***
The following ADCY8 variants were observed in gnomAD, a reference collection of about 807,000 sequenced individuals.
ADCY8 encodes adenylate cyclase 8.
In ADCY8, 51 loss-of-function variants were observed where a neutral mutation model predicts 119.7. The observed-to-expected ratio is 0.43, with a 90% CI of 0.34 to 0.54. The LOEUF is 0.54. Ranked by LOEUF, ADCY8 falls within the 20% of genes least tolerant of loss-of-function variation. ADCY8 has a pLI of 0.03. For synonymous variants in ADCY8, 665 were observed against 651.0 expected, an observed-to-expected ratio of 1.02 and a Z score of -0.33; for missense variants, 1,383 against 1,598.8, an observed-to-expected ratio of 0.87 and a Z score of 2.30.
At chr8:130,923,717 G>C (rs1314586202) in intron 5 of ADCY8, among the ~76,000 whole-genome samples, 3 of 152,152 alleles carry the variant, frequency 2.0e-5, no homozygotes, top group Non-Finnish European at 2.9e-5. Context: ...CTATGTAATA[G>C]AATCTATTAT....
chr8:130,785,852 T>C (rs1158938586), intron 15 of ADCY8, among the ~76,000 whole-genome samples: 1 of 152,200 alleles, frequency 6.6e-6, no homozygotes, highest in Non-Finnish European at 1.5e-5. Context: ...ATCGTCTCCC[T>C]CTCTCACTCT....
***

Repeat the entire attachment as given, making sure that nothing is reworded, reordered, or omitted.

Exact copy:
The following ADCY8 variants were observed in gnomAD, a reference collection of about 807,000 sequenced individuals.
ADCY8 encodes adenylate cyclase 8.
In ADCY8, 51 loss-of-function variants were observed where a neutral mutation model predicts 119.7. The observed-to-expected ratio is 0.43, with a 90% CI of 0.34 to 0.54. The LOEUF is 0.54. Ranked by LOEUF, ADCY8 falls within the 20% of genes least tolerant of loss-of-function variation. ADCY8 has a pLI of 0.03. For synonymous variants in ADCY8, 665 were observed against 651.0 expected, an observed-to-expected ratio of 1.02 and a Z score of -0.33; for missense variants, 1,383 against 1,598.8, an observed-to-expected ratio of 0.87 and a Z score of 2.30.
At chr8:130,923,717 G>C (rs1314586202) in intron 5 of ADCY8, among the ~76,000 whole-genome samples, 3 of 152,152 alleles carry the variant, frequency 2.0e-5, no homozygotes, top group Non-Finnish European at 2.9e-5. Context: ...CTATGTAATA[G>C]AATCTATTAT....
chr8:130,785,852 T>C (rs1158938586), intron 15 of ADCY8, among the ~76,000 whole-genome samples: 1 of 152,200 alleles, frequency 6.6e-6, no homozygotes, highest in Non-Finnish European at 1.5e-5. Context: ...ATCGTCTCCC[T>C]CTCTCACTCT....